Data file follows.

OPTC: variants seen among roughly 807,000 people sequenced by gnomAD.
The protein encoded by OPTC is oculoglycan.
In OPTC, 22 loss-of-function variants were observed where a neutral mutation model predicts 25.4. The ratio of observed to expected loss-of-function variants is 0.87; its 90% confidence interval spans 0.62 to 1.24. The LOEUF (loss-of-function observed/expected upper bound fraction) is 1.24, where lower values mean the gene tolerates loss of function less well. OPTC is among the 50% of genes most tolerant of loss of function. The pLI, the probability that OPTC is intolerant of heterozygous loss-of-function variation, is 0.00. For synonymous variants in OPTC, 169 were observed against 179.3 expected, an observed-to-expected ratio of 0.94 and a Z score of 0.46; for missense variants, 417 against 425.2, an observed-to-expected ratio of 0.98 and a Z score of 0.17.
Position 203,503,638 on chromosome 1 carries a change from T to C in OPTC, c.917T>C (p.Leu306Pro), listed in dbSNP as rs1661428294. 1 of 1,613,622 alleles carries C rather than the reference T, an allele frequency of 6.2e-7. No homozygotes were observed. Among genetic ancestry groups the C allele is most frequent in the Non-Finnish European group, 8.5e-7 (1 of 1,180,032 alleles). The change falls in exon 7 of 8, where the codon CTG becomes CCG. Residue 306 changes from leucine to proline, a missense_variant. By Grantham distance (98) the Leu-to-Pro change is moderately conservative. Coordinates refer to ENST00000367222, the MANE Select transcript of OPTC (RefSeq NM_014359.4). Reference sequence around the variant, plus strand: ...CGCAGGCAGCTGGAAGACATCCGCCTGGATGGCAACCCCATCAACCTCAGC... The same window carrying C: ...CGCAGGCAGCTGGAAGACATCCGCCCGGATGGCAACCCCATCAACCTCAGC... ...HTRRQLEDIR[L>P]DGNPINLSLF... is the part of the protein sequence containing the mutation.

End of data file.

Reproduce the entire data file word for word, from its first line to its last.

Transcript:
OPTC: variants seen among roughly 807,000 people sequenced by gnomAD.
The protein encoded by OPTC is oculoglycan.
In OPTC, 22 loss-of-function variants were observed where a neutral mutation model predicts 25.4. The ratio of observed to expected loss-of-function variants is 0.87; its 90% confidence interval spans 0.62 to 1.24. The LOEUF (loss-of-function observed/expected upper bound fraction) is 1.24, where lower values mean the gene tolerates loss of function less well. OPTC is among the 50% of genes most tolerant of loss of function. The pLI, the probability that OPTC is intolerant of heterozygous loss-of-function variation, is 0.00. For synonymous variants in OPTC, 169 were observed against 179.3 expected, an observed-to-expected ratio of 0.94 and a Z score of 0.46; for missense variants, 417 against 425.2, an observed-to-expected ratio of 0.98 and a Z score of 0.17.
Position 203,503,638 on chromosome 1 carries a change from T to C in OPTC, c.917T>C (p.Leu306Pro), listed in dbSNP as rs1661428294. 1 of 1,613,622 alleles carries C rather than the reference T, an allele frequency of 6.2e-7. No homozygotes were observed. Among genetic ancestry groups the C allele is most frequent in the Non-Finnish European group, 8.5e-7 (1 of 1,180,032 alleles). The change falls in exon 7 of 8, where the codon CTG becomes CCG. Residue 306 changes from leucine to proline, a missense_variant. By Grantham distance (98) the Leu-to-Pro change is moderately conservative. Coordinates refer to ENST00000367222, the MANE Select transcript of OPTC (RefSeq NM_014359.4). Reference sequence around the variant, plus strand: ...CGCAGGCAGCTGGAAGACATCCGCCTGGATGGCAACCCCATCAACCTCAGC... The same window carrying C: ...CGCAGGCAGCTGGAAGACATCCGCCCGGATGGCAACCCCATCAACCTCAGC... ...HTRRQLEDIR[L>P]DGNPINLSLF... is the part of the protein sequence containing the mutation.